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Yesaya 55:1-11

Konteks
The Lord Gives an Invitation

55:1 “Hey, 1  all who are thirsty, come to the water!

You who have no money, come!

Buy and eat!

Come! Buy wine and milk

without money and without cost! 2 

55:2 Why pay money for something that will not nourish you? 3 

Why spend 4  your hard-earned money 5  on something that will not satisfy?

Listen carefully 6  to me and eat what is nourishing! 7 

Enjoy fine food! 8 

55:3 Pay attention and come to me!

Listen, so you can live! 9 

Then I will make an unconditional covenantal promise to 10  you,

just like the reliable covenantal promises I made to David. 11 

55:4 Look, I made him a witness to nations, 12 

a ruler and commander of nations.”

55:5 Look, you will summon nations 13  you did not previously know;

nations 14  that did not previously know you will run to you,

because of the Lord your God,

the Holy One of Israel, 15 

for he bestows honor on you.

55:6 Seek the Lord while he makes himself available; 16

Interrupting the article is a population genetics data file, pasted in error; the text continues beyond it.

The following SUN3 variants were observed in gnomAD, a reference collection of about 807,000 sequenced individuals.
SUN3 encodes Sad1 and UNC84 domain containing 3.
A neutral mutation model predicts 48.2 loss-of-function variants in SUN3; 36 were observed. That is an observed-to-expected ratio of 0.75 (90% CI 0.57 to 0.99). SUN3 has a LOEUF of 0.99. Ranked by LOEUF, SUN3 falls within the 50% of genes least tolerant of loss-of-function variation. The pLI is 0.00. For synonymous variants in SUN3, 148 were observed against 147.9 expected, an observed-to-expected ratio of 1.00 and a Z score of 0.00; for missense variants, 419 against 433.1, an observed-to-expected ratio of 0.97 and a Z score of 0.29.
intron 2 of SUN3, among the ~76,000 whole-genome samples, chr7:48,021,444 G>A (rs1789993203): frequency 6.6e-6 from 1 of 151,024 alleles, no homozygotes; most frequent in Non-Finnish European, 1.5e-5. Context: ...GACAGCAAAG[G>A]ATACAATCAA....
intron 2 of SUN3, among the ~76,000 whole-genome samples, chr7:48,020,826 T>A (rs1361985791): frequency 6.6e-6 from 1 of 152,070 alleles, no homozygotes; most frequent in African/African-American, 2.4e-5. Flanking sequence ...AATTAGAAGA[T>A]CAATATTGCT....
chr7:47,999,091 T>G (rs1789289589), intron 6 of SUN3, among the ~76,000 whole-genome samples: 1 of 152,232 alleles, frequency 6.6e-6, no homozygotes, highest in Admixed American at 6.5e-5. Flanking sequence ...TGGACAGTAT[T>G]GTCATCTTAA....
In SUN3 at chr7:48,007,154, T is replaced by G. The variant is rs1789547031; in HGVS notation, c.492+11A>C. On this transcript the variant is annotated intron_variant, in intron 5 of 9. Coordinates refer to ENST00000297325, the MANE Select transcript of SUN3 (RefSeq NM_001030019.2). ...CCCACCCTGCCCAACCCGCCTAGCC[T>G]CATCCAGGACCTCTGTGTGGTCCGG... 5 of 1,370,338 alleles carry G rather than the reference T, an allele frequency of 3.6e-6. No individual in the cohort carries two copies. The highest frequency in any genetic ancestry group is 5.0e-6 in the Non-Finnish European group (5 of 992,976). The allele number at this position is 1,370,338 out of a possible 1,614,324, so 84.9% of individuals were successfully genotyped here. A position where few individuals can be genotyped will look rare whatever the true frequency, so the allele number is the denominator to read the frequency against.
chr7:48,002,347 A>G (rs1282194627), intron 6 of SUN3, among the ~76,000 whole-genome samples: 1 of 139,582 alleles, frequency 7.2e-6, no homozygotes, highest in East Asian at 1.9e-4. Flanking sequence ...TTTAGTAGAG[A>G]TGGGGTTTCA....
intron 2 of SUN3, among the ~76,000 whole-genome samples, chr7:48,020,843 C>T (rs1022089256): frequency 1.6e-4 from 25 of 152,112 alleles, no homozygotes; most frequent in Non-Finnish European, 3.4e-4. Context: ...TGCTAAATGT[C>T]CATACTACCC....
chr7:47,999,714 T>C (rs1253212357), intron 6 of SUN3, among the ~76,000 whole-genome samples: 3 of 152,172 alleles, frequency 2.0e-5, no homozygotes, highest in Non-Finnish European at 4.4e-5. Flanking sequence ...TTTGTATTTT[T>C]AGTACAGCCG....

call to him while he is nearby!

55:7 The wicked need to abandon their lifestyle 17 

and sinful people their plans. 18 

They should return 19  to the Lord, and he will show mercy to them, 20 

and to their God, for he will freely forgive them. 21 

55:8 “Indeed, 22  my plans 23  are not like 24  your plans,

and my deeds 25  are not like 26  your deeds,

55:9 for just as the sky 27  is higher than the earth,

so my deeds 28  are superior to 29  your deeds

and my plans 30  superior to your plans.

55:10 31 The rain and snow fall from the sky

and do not return,

but instead water the earth

and make it produce and yield crops,

and provide seed for the planter and food for those who must eat.

55:11 In the same way, the promise that I make

does not return to me, having accomplished nothing. 32 

No, it is realized as I desire

and is fulfilled as I intend.” 33